All joking aside, it is hard to get good data on the adoption rates as most organizations just go about doing it quietly. There has not been much research on which networks have it enabled in their own network. I talk to a lot of customers who are either using it or in the process of testing it in their lab before deployment. My limited data set would indicate that interest and adoption is growing. Adoption rates are lower than many would have hoped when the IETF ratified RFC 5575 (which RFC 8955 replaced) years ago.

Best practices for safe adoption

Like any powerful technology, BGP Flowspec can have adverse outcomes if deployed incorrectly. BGP Flowspec as a protocol has a negative impression in the minds of many network engineers due to some very public outages caused by its misuse. The two most famous were the 2020 CenturyLink outage and the 2013 Cloudflare outage.

However, this should not deter organizations from leveraging its capabilities in a careful and well-thought-out manner. To ensure safe adoption, it’s essential to follow best practices such as thorough testing, ongoing monitoring, and adjustment of deployment policies.

I advise customers to test forwarding performance with different BGP Flowspec rules deployed carefully. Most line card ASICs that I am aware of have a finite amount of resources they can allocate to this filter. As the number of prefixes increases, those resources get used up, and the ASICs can no longer forward packets at line rate. Also, not all FS rules are created equally. The more complex the matching criteria, the more resources it is going to take on the ASIC.

The next thing to be aware of is the filtering that is done as a result of processing the BGP Flowspec rules, which takes place as a forwarding table filter. What that means is it applies to all the interfaces on the device. Some vendors allow configurations to exclude specific interfaces like backbone links, out-of-band management interfaces, etc. This may be something that you want to consider to make sure you do not lose access to the device when the filter is applied.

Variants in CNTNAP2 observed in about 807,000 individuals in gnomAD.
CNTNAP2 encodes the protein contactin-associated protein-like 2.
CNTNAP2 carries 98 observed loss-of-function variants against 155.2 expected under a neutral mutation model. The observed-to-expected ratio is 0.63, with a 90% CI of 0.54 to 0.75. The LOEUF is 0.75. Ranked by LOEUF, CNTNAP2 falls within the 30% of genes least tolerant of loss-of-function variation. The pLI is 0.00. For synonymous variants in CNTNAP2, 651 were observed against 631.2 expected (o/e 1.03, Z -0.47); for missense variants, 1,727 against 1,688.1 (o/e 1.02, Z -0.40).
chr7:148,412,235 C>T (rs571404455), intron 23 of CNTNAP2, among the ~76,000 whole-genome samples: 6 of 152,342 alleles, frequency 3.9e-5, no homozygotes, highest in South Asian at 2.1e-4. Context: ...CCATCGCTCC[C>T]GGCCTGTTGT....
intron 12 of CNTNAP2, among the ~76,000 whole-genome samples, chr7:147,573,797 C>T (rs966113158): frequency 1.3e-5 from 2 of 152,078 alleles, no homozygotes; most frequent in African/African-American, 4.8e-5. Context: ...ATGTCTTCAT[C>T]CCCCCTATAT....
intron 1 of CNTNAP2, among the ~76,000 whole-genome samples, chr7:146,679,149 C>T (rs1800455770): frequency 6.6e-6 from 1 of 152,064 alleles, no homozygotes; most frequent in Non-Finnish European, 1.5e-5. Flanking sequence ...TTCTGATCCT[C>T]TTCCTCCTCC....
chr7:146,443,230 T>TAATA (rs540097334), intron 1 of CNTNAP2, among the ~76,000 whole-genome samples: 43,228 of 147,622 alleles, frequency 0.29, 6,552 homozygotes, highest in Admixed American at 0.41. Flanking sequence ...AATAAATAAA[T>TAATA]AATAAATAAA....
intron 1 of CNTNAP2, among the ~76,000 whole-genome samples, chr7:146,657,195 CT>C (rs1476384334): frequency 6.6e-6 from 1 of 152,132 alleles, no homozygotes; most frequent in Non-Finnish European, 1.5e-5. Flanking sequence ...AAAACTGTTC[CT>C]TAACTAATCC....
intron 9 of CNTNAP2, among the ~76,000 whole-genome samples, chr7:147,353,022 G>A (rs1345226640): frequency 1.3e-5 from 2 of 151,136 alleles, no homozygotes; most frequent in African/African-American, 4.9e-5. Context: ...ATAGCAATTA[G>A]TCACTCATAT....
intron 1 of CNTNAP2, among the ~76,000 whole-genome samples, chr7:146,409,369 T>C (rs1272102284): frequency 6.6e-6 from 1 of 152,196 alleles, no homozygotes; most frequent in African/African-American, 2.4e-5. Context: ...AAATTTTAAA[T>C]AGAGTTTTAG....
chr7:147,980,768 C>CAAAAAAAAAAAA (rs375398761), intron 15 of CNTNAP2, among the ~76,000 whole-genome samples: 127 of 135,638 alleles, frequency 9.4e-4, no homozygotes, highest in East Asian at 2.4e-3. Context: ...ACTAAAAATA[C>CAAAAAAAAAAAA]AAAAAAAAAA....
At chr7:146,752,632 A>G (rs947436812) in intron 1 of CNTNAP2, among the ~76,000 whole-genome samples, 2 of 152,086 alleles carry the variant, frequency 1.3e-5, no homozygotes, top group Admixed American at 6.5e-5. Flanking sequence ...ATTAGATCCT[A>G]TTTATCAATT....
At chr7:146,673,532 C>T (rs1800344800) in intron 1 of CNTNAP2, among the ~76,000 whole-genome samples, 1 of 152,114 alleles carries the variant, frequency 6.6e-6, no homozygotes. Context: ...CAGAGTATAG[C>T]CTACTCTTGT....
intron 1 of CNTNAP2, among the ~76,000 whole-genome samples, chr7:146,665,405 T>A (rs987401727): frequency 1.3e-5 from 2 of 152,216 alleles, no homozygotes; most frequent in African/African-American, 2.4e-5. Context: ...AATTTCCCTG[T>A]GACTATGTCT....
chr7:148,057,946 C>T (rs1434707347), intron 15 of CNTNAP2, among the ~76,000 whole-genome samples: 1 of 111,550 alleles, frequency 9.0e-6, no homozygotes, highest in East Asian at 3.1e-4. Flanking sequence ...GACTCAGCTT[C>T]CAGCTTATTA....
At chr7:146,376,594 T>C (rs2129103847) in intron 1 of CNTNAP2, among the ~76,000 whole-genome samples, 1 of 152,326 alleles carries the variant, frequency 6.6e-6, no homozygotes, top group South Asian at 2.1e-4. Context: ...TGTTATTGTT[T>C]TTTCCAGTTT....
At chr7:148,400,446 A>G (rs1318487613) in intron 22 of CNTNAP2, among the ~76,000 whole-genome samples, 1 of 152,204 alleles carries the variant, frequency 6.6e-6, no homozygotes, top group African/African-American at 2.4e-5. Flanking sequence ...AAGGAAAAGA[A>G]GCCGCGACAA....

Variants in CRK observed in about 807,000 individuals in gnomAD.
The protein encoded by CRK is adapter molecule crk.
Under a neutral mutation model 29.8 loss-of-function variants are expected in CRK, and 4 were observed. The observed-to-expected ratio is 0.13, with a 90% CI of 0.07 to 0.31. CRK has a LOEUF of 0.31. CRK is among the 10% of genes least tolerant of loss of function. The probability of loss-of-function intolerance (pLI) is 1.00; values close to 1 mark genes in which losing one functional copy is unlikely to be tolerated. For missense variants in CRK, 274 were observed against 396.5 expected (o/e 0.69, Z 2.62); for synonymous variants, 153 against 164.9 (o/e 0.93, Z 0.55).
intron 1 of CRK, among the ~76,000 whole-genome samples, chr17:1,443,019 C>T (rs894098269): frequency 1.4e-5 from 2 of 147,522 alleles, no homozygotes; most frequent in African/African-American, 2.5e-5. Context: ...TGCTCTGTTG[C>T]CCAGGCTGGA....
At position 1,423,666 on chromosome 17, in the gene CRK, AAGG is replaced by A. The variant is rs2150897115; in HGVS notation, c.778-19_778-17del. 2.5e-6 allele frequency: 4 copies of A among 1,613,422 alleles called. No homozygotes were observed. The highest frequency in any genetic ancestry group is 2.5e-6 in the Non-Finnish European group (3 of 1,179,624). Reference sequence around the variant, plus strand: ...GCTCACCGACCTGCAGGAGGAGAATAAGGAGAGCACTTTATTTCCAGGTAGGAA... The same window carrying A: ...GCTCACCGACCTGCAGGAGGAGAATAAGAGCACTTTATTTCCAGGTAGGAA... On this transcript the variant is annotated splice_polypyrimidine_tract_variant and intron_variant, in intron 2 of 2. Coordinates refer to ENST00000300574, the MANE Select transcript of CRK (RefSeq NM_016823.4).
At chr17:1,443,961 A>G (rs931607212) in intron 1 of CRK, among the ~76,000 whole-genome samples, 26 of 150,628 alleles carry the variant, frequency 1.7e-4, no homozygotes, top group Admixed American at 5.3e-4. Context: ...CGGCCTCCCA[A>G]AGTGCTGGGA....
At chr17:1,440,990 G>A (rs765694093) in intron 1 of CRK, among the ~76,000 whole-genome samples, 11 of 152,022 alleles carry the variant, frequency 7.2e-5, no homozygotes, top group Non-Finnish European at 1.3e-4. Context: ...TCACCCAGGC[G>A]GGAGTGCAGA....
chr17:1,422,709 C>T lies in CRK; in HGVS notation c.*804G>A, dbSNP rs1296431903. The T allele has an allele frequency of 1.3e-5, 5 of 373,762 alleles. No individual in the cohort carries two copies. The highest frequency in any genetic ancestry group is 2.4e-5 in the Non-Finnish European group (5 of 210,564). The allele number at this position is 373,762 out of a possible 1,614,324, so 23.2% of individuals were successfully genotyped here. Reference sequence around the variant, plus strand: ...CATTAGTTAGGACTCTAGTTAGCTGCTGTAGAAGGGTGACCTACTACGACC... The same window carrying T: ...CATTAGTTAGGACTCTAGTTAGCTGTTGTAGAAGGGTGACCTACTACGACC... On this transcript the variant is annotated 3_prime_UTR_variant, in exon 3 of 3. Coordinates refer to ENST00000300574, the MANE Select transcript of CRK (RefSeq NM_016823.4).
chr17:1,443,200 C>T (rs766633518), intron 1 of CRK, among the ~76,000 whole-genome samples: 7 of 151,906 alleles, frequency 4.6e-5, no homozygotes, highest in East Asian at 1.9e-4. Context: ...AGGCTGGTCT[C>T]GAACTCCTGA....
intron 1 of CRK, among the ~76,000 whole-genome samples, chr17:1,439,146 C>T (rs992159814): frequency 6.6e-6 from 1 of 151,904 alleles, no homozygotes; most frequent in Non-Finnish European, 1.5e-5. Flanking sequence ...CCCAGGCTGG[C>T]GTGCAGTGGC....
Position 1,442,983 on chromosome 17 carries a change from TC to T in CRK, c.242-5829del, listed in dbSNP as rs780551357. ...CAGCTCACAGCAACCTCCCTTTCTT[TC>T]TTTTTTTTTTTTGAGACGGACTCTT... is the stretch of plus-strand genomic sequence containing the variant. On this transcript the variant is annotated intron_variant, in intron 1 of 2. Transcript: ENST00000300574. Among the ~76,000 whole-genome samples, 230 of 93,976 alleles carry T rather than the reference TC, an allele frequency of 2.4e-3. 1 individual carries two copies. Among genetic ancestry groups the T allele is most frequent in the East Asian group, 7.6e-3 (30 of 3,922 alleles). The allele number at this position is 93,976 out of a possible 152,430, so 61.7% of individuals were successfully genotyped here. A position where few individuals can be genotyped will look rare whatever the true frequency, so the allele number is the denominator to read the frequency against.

My final recommendation is to have tight control over what kind of BGP Flowspec rules you allow your system to advertise to your routes. The Cloudflare outage I mentioned earlier resulted from them advertising a rule that blocked packets between 99,971 and 99,985 bytes long. As you probably know, those packet sizes do not make sense, as most networks have a maximum packet size of ~9,000 bytes. This caused their Juniper line cards to panic and drop all traffic. The router should not have reacted that way, but Cloudflare should have also had checks in their automation platform to sanity check for packet size being in a reasonable range.

Staying current

Keeping abreast of the latest developments in BGP Flowspec is crucial for effective DDoS mitigation strategies. Stay informed about the latest updates from the Internet Engineering Task Force (IETF) regarding BGP Flowspec standards and implementations. BGP Flowspec is maintained by the Inter-Domain Routing Group (IDR), and you can follow their mailing list here. Ultimately, BGP Flowspec offers a potent solution to combat DDoS attacks, and it’s up to us as operators to harness its power responsibly.

In conclusion, while DDoS attacks continue to pose significant challenges, solutions like BGP Flowspec provide hope for organizations seeking robust defense mechanisms. By understanding its capabilities, adopting best practices, and staying informed about industry developments, we can collectively strengthen our resilience against the ever-evolving threat landscape of DDoS attacks. As I said earlier, I am a big proponent of BGP Flowspec. If you are considering deploying it and have questions, feel free to reach out to me, and I will be happy to answer any questions I can.